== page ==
"Oceanographers and meteorologists do consider it important and do consider it an ocean," Kelly said.
But other experts don't even agree that it officially exists.
It's a dispute that shows not only how teachers can be thrust into academic disagreements, but how those scientific debates can take time to trickle down to classrooms.
Among the detractors of a formal designation is the National Geographic Society, which doesn't officially recognize the Southern Ocean. But the respected body hasn't exactly closed the books on the concept either. Cindy Aitken, a spokeswoman for the organization, said the newest edition of the National Geographic Atlas of the World says: "The Atlantic, Indian, and Pacific Oceans merge into icy water around Antarctica. Some define this as an ocean, calling it the Antarctic Ocean, Austral Ocean or Southern Ocean. While most accept four oceans, including the Arctic, there is no international agreement on the name or extent of a fifth ocean.
"In general, National Geographic recognizes the Southern Ocean as a scientific term and not a oceanographic feature."
The CIA World Factbook website has a page dedicated to the Southern Ocean, calling it the fourth-largest of the world's five oceans. But it also says "inclusion of the Southern Ocean does not imply recognition of this feature as one of the world's primary oceans by the U.S. government."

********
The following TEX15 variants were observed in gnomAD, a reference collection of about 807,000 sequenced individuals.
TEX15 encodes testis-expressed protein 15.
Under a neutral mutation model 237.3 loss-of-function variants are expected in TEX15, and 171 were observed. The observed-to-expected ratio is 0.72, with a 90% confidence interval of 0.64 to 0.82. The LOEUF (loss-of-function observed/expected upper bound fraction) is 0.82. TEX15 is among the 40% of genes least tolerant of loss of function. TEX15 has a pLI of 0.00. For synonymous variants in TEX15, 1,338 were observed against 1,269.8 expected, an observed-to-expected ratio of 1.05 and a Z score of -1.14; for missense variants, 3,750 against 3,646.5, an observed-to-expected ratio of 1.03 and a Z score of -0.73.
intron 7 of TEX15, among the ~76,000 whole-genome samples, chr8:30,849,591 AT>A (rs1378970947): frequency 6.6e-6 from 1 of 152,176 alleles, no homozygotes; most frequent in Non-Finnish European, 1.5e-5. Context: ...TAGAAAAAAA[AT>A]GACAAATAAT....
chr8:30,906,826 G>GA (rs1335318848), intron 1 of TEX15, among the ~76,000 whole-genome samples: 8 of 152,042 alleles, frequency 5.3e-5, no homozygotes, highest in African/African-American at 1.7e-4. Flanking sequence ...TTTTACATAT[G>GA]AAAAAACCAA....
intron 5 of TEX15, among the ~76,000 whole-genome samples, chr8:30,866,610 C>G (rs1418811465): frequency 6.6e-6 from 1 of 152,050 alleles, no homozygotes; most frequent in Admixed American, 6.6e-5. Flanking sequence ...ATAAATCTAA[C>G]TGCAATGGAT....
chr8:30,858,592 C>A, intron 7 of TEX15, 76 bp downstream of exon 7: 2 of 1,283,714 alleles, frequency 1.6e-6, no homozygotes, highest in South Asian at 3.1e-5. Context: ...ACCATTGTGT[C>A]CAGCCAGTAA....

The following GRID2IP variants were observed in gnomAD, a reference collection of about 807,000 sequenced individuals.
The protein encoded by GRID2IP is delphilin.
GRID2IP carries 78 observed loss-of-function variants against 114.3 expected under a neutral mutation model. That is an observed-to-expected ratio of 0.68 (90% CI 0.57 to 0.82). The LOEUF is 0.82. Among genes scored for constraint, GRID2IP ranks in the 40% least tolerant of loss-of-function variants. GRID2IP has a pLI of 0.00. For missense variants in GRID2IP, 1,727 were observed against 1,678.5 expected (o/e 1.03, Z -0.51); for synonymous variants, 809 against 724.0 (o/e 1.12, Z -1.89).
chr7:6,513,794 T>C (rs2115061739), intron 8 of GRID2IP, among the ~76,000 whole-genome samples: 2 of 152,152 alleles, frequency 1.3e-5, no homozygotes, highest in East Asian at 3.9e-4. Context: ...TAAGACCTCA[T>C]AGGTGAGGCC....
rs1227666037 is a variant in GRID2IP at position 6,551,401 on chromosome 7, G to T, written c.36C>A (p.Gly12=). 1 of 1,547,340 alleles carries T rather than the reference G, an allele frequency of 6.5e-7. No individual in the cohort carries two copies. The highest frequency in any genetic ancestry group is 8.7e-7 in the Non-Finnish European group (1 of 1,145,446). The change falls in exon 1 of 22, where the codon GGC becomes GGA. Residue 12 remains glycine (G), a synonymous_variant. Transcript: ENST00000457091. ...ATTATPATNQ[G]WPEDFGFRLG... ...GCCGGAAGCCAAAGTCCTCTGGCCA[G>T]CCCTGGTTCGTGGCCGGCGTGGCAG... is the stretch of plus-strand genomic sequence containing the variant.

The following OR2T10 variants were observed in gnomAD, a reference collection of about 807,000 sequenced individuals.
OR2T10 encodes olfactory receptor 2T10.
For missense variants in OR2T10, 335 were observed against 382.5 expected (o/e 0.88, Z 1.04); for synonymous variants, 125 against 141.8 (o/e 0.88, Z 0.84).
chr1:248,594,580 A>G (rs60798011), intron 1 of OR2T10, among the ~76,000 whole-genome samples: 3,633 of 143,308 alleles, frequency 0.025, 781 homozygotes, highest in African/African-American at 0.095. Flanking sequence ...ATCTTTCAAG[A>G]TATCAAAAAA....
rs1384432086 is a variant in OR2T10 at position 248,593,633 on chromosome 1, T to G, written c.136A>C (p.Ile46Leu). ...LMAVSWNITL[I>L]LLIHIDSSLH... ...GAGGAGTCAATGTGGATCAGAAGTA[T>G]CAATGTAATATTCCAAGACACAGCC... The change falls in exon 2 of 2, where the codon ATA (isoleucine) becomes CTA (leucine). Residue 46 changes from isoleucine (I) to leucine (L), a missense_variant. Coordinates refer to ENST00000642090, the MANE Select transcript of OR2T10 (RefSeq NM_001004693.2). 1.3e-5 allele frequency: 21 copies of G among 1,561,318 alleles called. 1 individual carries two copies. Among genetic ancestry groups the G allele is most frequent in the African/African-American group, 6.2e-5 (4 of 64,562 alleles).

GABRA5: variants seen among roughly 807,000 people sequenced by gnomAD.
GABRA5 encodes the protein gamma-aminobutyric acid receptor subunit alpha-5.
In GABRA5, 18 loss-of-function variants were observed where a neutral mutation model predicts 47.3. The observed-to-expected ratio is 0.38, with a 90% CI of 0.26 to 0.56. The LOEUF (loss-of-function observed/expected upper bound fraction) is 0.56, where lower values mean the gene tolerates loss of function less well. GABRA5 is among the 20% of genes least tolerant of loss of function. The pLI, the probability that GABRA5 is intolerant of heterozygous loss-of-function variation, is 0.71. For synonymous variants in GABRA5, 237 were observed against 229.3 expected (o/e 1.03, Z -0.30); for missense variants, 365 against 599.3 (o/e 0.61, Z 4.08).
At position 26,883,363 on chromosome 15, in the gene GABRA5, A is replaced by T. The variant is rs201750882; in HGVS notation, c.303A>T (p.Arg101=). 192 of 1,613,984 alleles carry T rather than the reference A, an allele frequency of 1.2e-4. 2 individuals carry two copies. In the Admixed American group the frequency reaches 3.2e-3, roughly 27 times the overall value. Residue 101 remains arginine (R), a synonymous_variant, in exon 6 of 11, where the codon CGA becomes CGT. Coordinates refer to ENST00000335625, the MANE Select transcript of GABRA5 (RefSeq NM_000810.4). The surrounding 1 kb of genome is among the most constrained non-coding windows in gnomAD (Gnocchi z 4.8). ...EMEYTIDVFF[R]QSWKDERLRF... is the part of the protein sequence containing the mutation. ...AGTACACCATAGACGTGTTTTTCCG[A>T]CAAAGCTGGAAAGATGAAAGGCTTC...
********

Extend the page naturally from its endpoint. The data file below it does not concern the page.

Closer to home, Missouri Department of Secondary and Elementary Education curriculum guidelines do not specify what oceans should be covered, or not covered, in classrooms. Likewise, the Illinois State Board of Education defines state learning standards for geography — but nothing that mentions specific names of oceans.
So if states don't mention the Southern Ocean in their curriculum standards and the U.S. government doesn't give it an official nod, what's a teacher to do?
Educators such as Jessica Vehlewald, a past president of the Missouri Council for Social Studies, say the topic needs to be addressed in the classroom, but with explanations regarding why everyone is in not in agreement on the name and existence of the Southern Ocean.